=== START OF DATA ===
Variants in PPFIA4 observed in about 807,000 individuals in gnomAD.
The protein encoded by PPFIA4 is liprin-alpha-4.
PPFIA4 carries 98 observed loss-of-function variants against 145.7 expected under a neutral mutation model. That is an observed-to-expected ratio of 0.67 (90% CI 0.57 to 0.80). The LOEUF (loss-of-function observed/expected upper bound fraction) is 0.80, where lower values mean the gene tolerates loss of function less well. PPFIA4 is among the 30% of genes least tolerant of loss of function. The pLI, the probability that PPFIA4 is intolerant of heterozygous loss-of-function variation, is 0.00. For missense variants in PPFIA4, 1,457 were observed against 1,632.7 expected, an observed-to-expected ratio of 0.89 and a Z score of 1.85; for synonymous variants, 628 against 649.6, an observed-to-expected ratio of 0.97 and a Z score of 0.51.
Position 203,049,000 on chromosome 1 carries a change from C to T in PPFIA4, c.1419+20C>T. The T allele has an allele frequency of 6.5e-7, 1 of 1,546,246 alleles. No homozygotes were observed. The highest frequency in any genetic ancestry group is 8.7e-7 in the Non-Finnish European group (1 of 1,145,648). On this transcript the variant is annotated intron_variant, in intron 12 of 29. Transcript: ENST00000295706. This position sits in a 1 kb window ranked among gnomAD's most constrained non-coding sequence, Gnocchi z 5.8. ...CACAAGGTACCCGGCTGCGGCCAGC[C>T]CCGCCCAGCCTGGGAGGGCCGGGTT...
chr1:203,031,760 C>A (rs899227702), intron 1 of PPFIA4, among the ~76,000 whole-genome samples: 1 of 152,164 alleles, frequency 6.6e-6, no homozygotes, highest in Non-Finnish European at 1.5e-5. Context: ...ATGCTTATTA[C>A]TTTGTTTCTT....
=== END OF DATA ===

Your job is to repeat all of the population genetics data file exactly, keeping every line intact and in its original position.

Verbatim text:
Variants in PPFIA4 observed in about 807,000 individuals in gnomAD.
The protein encoded by PPFIA4 is liprin-alpha-4.
PPFIA4 carries 98 observed loss-of-function variants against 145.7 expected under a neutral mutation model. That is an observed-to-expected ratio of 0.67 (90% CI 0.57 to 0.80). The LOEUF (loss-of-function observed/expected upper bound fraction) is 0.80, where lower values mean the gene tolerates loss of function less well. PPFIA4 is among the 30% of genes least tolerant of loss of function. The pLI, the probability that PPFIA4 is intolerant of heterozygous loss-of-function variation, is 0.00. For missense variants in PPFIA4, 1,457 were observed against 1,632.7 expected, an observed-to-expected ratio of 0.89 and a Z score of 1.85; for synonymous variants, 628 against 649.6, an observed-to-expected ratio of 0.97 and a Z score of 0.51.
Position 203,049,000 on chromosome 1 carries a change from C to T in PPFIA4, c.1419+20C>T. The T allele has an allele frequency of 6.5e-7, 1 of 1,546,246 alleles. No homozygotes were observed. The highest frequency in any genetic ancestry group is 8.7e-7 in the Non-Finnish European group (1 of 1,145,648). On this transcript the variant is annotated intron_variant, in intron 12 of 29. Transcript: ENST00000295706. This position sits in a 1 kb window ranked among gnomAD's most constrained non-coding sequence, Gnocchi z 5.8. ...CACAAGGTACCCGGCTGCGGCCAGC[C>T]CCGCCCAGCCTGGGAGGGCCGGGTT...
chr1:203,031,760 C>A (rs899227702), intron 1 of PPFIA4, among the ~76,000 whole-genome samples: 1 of 152,164 alleles, frequency 6.6e-6, no homozygotes, highest in Non-Finnish European at 1.5e-5. Context: ...ATGCTTATTA[C>A]TTTGTTTCTT....